> apermindex, j = divmod(apermindex, len(alist)-i)
> alist[i], alist[i+j] = alist[i+j], alist[i]

Yes, very nice. maybe even better than using generators. Although
generators seem to be faster for small ranges.

>> practical to do it this way if the number of permutations is too big
>> to generate them all. Randomly choosing a bridge dealing is an example
>> of such a situation, although then a permutation with "multiple
>> occurences" is neccessary. There's also a solution for this specific
>
>I'm not sure what a permutation with "multiple occurrences" would be,
>nor, in particular, of why such a thing would be necessary for
>"randomly choosing a bridge deal" (a subject dear and near to my
>heart). If you have a hypothetical pseudo-random number generator
>uniform in the range 1 to 52 factorial, perm_given_index would let
>you rearrange a bridge deck (passed in as argument alist) according
>to the random number (passed in as argument apermindex).

To get my mind out of some troubling issues concerning unemployment I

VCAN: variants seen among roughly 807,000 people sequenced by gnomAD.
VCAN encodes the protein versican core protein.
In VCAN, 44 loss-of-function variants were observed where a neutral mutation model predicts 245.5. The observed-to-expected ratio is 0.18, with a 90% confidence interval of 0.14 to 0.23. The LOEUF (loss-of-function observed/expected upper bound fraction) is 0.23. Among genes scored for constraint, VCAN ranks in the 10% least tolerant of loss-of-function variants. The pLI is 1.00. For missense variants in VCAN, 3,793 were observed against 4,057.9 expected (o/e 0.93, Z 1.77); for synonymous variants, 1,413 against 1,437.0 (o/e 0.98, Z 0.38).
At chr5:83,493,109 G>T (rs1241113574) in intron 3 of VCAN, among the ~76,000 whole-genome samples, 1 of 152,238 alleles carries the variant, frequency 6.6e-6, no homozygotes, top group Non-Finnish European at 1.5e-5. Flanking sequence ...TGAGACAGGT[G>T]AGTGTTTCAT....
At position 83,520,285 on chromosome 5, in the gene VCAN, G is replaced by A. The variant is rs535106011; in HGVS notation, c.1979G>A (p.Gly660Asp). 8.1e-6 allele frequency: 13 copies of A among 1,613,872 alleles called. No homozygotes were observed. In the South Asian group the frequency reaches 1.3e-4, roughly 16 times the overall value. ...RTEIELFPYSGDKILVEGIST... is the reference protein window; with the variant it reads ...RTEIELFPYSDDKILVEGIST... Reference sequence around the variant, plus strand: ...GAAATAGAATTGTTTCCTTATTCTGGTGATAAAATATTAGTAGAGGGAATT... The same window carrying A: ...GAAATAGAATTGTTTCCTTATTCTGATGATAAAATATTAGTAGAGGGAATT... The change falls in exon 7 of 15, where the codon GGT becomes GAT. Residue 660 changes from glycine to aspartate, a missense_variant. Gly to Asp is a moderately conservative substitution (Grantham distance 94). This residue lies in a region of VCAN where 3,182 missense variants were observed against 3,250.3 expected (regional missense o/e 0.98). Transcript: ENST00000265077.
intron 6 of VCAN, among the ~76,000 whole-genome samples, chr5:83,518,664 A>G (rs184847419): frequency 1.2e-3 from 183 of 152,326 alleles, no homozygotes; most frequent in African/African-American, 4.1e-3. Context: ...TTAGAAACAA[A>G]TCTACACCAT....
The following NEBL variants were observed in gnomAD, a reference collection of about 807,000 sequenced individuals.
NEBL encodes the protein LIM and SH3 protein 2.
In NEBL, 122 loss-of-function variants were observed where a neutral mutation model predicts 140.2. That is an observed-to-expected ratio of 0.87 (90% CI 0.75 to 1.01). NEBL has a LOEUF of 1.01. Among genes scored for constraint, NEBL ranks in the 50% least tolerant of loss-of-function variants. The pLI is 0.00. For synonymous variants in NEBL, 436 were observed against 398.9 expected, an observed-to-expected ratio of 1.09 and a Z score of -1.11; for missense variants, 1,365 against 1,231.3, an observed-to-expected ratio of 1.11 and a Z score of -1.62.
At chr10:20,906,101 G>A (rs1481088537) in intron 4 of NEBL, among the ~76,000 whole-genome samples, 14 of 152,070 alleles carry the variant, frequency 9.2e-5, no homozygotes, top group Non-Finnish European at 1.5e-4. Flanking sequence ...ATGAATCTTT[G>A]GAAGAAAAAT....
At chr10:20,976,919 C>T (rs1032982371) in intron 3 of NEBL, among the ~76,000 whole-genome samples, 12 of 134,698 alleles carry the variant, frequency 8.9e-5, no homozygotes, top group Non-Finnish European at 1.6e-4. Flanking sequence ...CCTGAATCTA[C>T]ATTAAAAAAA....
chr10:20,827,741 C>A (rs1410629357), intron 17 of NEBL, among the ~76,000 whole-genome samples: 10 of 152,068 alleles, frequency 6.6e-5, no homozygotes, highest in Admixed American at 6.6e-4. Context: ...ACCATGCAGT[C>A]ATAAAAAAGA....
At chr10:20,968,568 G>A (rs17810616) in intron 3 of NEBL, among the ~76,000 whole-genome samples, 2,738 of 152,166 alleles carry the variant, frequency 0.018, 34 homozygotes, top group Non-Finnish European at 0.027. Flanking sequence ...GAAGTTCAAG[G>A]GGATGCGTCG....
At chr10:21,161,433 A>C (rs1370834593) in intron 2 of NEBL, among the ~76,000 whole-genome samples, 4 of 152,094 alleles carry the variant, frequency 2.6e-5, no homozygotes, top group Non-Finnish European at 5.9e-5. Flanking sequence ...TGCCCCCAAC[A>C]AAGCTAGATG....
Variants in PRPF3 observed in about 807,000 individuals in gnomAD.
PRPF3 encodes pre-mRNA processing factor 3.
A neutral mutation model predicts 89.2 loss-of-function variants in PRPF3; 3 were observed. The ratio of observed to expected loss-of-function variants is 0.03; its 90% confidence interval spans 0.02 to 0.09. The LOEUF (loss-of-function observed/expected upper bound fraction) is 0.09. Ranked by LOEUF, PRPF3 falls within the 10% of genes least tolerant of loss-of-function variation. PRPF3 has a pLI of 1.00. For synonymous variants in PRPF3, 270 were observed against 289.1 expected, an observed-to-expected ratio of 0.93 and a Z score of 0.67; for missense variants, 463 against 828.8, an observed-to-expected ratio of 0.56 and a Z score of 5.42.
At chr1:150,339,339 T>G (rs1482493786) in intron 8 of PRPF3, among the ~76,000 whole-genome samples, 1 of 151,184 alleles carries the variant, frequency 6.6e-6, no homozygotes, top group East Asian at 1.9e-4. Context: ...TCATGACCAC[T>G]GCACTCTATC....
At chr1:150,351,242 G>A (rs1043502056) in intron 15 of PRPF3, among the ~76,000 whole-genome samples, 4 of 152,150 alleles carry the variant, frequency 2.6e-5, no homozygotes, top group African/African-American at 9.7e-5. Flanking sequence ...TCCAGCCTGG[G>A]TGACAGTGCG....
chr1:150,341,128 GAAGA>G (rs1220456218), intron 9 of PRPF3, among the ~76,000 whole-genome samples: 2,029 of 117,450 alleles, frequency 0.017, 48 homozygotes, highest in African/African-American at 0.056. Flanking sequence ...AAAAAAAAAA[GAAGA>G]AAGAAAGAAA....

was programming permutations again today. I have a script at

http://home.hccnet.nl/a.vredegoor/multiperm

but it's way to complicated and I am always trying to reduce it to
more managable proportions.

>
>Of course, there are fewer significantly-different bridge deals than
>there are permutations of a 52-cards deck -- a bridge player does not
>care, when the SET of spades he or she receives among his or her 13
>cards for the deal is e.g. Ace and Two, whether the Ace came before
>or after the Two, or what cards in other suits, if any, came in
>between. The number of significantly-different bridge deals is thus
>C(52,13) times C(39,13) times C(26,13), 53644737765488792839237440000
>vs 80658175170943878571660636856403766975289505440883277824000000000000
>which is the number of permutations of the deck (52 factorial).

No, not 52! :-) but something less, as in the beginning of the
paragraph.

>But the _handiest_ way to deal a random deal, assuming for the sake
>of argument that you have a uniform real pseudorandom number generator